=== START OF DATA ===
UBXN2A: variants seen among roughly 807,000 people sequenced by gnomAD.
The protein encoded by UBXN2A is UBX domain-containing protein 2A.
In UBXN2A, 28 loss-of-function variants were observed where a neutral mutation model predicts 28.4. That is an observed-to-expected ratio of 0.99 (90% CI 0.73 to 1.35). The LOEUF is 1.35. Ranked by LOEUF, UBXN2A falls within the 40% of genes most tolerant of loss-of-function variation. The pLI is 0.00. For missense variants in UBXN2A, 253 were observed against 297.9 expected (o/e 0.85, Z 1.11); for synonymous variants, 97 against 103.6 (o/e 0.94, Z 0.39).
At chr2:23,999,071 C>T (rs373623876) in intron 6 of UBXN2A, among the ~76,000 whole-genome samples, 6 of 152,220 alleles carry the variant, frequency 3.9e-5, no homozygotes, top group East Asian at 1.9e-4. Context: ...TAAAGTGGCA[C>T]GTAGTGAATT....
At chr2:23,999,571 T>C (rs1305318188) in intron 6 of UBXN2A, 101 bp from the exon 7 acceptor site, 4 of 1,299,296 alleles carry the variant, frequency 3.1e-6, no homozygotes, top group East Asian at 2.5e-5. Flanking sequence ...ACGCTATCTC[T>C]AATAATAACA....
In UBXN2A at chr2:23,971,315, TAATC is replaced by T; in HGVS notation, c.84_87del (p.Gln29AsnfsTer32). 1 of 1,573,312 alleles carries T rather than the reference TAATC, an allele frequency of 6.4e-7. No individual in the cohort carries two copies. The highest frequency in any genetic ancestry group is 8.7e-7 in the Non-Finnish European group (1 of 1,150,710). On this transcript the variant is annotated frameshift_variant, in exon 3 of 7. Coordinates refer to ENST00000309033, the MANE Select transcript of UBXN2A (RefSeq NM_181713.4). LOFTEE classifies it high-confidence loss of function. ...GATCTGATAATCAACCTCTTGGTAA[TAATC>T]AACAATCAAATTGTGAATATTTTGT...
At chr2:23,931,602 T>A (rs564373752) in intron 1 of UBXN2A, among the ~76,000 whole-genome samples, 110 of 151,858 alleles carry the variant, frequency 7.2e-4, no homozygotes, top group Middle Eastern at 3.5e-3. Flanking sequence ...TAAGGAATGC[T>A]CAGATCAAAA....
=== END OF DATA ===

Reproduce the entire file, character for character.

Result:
UBXN2A: variants seen among roughly 807,000 people sequenced by gnomAD.
The protein encoded by UBXN2A is UBX domain-containing protein 2A.
In UBXN2A, 28 loss-of-function variants were observed where a neutral mutation model predicts 28.4. That is an observed-to-expected ratio of 0.99 (90% CI 0.73 to 1.35). The LOEUF is 1.35. Ranked by LOEUF, UBXN2A falls within the 40% of genes most tolerant of loss-of-function variation. The pLI is 0.00. For missense variants in UBXN2A, 253 were observed against 297.9 expected (o/e 0.85, Z 1.11); for synonymous variants, 97 against 103.6 (o/e 0.94, Z 0.39).
At chr2:23,999,071 C>T (rs373623876) in intron 6 of UBXN2A, among the ~76,000 whole-genome samples, 6 of 152,220 alleles carry the variant, frequency 3.9e-5, no homozygotes, top group East Asian at 1.9e-4. Context: ...TAAAGTGGCA[C>T]GTAGTGAATT....
At chr2:23,999,571 T>C (rs1305318188) in intron 6 of UBXN2A, 101 bp from the exon 7 acceptor site, 4 of 1,299,296 alleles carry the variant, frequency 3.1e-6, no homozygotes, top group East Asian at 2.5e-5. Flanking sequence ...ACGCTATCTC[T>C]AATAATAACA....
In UBXN2A at chr2:23,971,315, TAATC is replaced by T; in HGVS notation, c.84_87del (p.Gln29AsnfsTer32). 1 of 1,573,312 alleles carries T rather than the reference TAATC, an allele frequency of 6.4e-7. No individual in the cohort carries two copies. The highest frequency in any genetic ancestry group is 8.7e-7 in the Non-Finnish European group (1 of 1,150,710). On this transcript the variant is annotated frameshift_variant, in exon 3 of 7. Coordinates refer to ENST00000309033, the MANE Select transcript of UBXN2A (RefSeq NM_181713.4). LOFTEE classifies it high-confidence loss of function. ...GATCTGATAATCAACCTCTTGGTAA[TAATC>T]AACAATCAAATTGTGAATATTTTGT...
At chr2:23,931,602 T>A (rs564373752) in intron 1 of UBXN2A, among the ~76,000 whole-genome samples, 110 of 151,858 alleles carry the variant, frequency 7.2e-4, no homozygotes, top group Middle Eastern at 3.5e-3. Flanking sequence ...TAAGGAATGC[T>A]CAGATCAAAA....